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Daily Health Check and what to do when sick?

Daily Health Check

Everyone going into a District school or site must complete a daily health check, including staff, students, and visitors. A daily health check means checking yourself or your child for new symptoms of illness, including symptoms of COVID-19.

Symptoms of illness (including COVID-19) include:

  • Fever or chills

  • Difficulty breathing

  • Runny nose

  • Headache

  • Body aches

  • Cough

  • Sore throat

  • Sneezing

  • Loss of sense of smell or taste

  • Loss of appetite

  • Extreme fatigue or tiredness

  • Nausea or vomiting

  • Diarrhea

    If you are sick or feel unwell, stay at home. This is important to stop the spread of illness, including COVID-19, in schools and worksites.

    You can attend school/work if:

    • Your symptoms are consistent with a previously diagnosed health condition (e.g., seasonal allergies), OR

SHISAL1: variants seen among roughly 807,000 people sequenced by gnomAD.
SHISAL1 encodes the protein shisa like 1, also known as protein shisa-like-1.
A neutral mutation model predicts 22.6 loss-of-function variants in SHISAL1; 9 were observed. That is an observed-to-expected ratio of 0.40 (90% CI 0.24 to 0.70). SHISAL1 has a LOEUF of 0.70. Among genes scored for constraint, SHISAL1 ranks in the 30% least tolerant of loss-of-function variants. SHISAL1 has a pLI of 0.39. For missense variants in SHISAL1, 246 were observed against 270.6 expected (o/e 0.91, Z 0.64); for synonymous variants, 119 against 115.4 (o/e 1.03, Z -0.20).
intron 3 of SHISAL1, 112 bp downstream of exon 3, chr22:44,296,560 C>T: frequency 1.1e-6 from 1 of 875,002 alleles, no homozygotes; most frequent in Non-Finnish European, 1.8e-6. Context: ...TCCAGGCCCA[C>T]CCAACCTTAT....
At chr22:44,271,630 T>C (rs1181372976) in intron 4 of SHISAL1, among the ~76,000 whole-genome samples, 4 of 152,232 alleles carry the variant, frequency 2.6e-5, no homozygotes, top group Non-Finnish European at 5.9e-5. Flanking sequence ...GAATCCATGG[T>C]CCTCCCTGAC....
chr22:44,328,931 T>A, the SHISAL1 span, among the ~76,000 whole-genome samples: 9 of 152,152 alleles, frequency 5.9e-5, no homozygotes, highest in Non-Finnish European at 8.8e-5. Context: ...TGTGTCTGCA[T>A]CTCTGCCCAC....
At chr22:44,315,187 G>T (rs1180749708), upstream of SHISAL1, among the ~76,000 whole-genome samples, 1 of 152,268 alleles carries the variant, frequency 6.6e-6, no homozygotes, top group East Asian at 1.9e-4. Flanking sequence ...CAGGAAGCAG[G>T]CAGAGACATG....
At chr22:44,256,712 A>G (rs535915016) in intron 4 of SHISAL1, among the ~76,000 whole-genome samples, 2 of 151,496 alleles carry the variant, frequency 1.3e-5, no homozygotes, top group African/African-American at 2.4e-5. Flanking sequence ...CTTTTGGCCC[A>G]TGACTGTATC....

• You have existing symptoms that have improved to where you feel well enough to return to regular activities, AND

    • You are not required to self-isolate, or your self-isolation period is over (based on a positive COVID-19 test result, if taken)

What to Do When Sick

If you have mild symptoms of COVID-19, you usually don’t need a test. Mild symptoms are

symptoms that can be managed at home. Most people don’t need testing for COVID-19.

Stay home and away from others (as much as possible) until you feel well enough to return to your regular activities and you no longer have a fever. You should also avoid non-essential visits to higher risk settings such as long term care facilities and gatherings, for another 5 days after ending isolation.

If you have a Rapid Antigen Test at home, use it when you have symptoms. How long you should

stay home depends on your test result. Find out more about Rapid Antigen Test results.

If you do not have symptoms of COVID-19, you do not need a test.

If you are unsure about your symptoms, you can use the Self-Assessment Tool, contact your health care provider or call 8-1-1.

Testing may be recommended for some people who may be more likely to get severe disease.

See BCCDC for information on who testing is recommended for.

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